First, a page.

In the past, liposuction was always thought of as a fat loss surgery for privileged people who needed or wanted to lose weight. The recovery time for liposuction was extensively long and the results were not permanent, unless you took measures to ensure the fat didn’t come back such as a change in diet or lifestyle. However, in more recent years, the public opinion on liposuction has changed and there has been many incredible advancements in the field.
If you’re familiar with or have even been diagnosed with Lipedema and have looked into surgical procedures to treat the condition, you will have probably heard of WAL, or Water Assisted Liposuction. WAL is used to remove diseased Lipedema fat from women who physically can’t remove it themselves with diet or exercise.
WAL liposuction uses a fan-shaped jet of water to more gently remove the pathologic fat cells which cause Lipedema patients so much pain and discomfort. This can produce less bruising and quicker healing than other types of liposuction used to remove normal fat cells. Water assisted liposuction offers all the benefits of traditional liposuction, but because it is more forgiving and causes less injury to the connective tissue it offers unique advantages.
The water assisted liposuction or WAL technique is generally thought to be the gentlest of all liposuction procedures, and it’s all thanks to its unique approach to fat removal. While WAL does use tumescent fluid, just like the standard liposuction technique, WAL alters the way fat is dislodged from the surrounding tissue.
WAL liposuction is performed using a small cannula introduced through tiny incisions that uses a pressure spray of tumescent fluid to dislodge the fat from the connective tissue, rather than using a cannula and suction.
Thanks to the water pressure dislodging the fat instead, WAL does not cause unnecessary trauma to the areas being treated. Therefore it is a very delicate technique concerning blood vessels, connective tissue and especially with lymphatic vessels. This is of vital importance for Lipedema sufferers to ensure a quick and full recovery.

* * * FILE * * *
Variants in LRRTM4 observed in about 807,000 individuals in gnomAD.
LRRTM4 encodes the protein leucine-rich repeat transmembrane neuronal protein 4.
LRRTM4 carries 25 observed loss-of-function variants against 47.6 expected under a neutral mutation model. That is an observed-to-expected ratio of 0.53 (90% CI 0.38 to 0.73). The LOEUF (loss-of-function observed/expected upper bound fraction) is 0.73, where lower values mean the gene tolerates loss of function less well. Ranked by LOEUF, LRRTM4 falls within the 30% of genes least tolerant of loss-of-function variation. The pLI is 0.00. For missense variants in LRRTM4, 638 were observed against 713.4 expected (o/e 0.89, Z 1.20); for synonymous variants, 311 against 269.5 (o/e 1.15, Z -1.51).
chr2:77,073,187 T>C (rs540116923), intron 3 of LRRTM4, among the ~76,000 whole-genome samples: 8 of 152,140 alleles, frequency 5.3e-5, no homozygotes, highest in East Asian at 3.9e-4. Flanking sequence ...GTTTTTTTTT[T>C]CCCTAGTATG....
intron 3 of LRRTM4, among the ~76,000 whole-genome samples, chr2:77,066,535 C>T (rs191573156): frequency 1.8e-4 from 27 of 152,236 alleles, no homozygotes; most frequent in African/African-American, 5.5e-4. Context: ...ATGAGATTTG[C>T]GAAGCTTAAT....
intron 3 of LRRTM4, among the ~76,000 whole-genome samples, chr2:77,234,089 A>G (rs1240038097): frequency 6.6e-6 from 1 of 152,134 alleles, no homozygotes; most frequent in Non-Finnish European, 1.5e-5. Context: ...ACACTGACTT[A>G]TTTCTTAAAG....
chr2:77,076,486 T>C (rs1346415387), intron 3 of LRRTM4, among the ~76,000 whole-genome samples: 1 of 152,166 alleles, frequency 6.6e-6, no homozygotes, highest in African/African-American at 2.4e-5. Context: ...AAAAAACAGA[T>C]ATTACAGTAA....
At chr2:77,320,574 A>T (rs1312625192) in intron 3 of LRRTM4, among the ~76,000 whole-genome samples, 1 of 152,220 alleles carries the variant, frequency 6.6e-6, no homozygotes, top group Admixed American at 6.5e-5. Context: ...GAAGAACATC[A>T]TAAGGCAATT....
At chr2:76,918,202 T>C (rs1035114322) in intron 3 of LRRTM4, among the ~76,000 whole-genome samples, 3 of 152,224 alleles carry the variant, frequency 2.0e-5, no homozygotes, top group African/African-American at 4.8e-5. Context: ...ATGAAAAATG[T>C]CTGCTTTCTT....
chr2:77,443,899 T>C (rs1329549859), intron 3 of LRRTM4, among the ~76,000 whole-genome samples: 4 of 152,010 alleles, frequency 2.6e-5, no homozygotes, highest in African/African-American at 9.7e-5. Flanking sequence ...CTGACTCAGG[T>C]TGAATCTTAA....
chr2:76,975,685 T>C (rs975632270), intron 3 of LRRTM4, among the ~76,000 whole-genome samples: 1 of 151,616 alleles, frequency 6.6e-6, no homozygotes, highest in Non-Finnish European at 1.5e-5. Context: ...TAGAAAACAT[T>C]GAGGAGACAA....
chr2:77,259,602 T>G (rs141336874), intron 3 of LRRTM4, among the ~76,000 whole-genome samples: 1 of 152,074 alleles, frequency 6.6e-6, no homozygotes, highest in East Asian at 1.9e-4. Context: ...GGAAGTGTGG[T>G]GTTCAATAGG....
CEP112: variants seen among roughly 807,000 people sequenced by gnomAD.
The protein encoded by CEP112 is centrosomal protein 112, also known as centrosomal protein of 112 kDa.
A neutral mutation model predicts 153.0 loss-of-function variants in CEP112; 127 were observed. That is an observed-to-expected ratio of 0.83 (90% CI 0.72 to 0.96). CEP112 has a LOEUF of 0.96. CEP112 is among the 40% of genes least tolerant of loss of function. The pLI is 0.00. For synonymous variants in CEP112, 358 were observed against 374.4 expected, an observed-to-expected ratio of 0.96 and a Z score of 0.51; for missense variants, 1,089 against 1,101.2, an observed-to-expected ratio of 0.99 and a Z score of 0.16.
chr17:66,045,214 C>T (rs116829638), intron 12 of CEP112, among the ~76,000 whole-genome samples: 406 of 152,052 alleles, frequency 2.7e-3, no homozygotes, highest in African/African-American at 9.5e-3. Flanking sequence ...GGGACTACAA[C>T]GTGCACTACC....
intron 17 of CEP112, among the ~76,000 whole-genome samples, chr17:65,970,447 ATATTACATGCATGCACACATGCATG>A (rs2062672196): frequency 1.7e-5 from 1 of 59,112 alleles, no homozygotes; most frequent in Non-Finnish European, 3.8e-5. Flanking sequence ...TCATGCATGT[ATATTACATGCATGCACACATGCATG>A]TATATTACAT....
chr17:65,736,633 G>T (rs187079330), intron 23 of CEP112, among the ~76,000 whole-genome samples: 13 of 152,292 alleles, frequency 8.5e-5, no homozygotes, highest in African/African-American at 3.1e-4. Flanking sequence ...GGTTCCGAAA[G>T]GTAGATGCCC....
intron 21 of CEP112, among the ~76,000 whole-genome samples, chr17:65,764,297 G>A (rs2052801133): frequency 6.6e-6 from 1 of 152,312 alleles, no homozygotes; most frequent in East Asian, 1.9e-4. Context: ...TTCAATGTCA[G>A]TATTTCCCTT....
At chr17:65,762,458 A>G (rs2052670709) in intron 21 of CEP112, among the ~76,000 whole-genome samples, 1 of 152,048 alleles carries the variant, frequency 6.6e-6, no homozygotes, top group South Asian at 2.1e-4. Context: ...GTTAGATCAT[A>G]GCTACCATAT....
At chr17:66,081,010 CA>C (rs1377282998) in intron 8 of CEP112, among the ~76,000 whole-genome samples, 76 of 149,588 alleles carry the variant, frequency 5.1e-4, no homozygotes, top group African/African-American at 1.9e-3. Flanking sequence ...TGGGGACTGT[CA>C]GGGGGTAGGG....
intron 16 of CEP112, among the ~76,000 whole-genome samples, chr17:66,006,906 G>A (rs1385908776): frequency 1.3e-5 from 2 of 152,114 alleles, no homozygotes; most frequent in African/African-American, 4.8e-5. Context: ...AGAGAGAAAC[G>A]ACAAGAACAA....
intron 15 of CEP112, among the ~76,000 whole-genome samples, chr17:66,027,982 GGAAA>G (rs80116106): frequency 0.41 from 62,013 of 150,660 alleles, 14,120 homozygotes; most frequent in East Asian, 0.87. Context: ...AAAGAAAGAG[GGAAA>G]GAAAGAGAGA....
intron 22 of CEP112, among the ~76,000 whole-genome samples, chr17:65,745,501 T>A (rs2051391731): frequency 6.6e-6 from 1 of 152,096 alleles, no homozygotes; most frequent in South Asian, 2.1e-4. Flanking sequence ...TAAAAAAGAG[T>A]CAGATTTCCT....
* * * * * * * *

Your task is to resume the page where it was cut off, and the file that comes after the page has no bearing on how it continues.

Benefits of WAL
- Delicate with tissues
- Less postoperative discomfort
- Better and quicker recovery
- Removing larger volumes of fatty tissue
- Predictability of results
- More detail in definition
- Greater security and control in the execution
- Less bruising
- Less damage to vessels and connective tissues
Benefits of WAL for Lipedema Patients
Lipedema is a fat disorder, mainly affecting women, that causes a disproportionate buildup of fat, most often in the lower body. It can also affect the arms. These fat cells can often create a ‘two-body syndrome’ in the sufferer, where their upper and lower bodies have noticeable differences in size. This quite often leads to mental health issues surrounding body image.
Apart from aesthetic appearance, Lipedema can also cause feelings of heaviness, swelling, and at the more advanced stages, pain and even secondary Lymphedema. The two conditions are very closely related and sometimes go hand in hand.
Because it is vital to avoid damaging the lymphatics, water assisted liposuction is the perfect technique to treat Lipedema symptoms. The gentle removal of the excess fat helps to alleviate pain without causing additional trauma to the area. Results will also be long term, as long as patients follow an anti-inflammatory diet, maintain a healthy weight and exercise regularly post surgery.
If you suffer from Lipedema and are considering liposuction to remove the stubborn fat cells, WAL is quickly becoming a pioneering treatment for Lipedema sufferers. It is the lowest impact option, causing the least damage and is providing many ladies who suffer with the condition a new outlook on life. These are the very reasons I have opted for WAL later this year, see my blog ‘Why I opted for Lipedema liposuction’ for more details.
Disclaimer: My blogs talk about Lipedema, diet, surgery and much more. I’m talking from my point of view to help women, and remind them they are not alone. I am not a medical professional, so the content above is from my own perspective with research I have done into the topic. It’s not meant as medical advice, you should always consult your doctor or a specialist for both your diagnosis, and a treatment plan.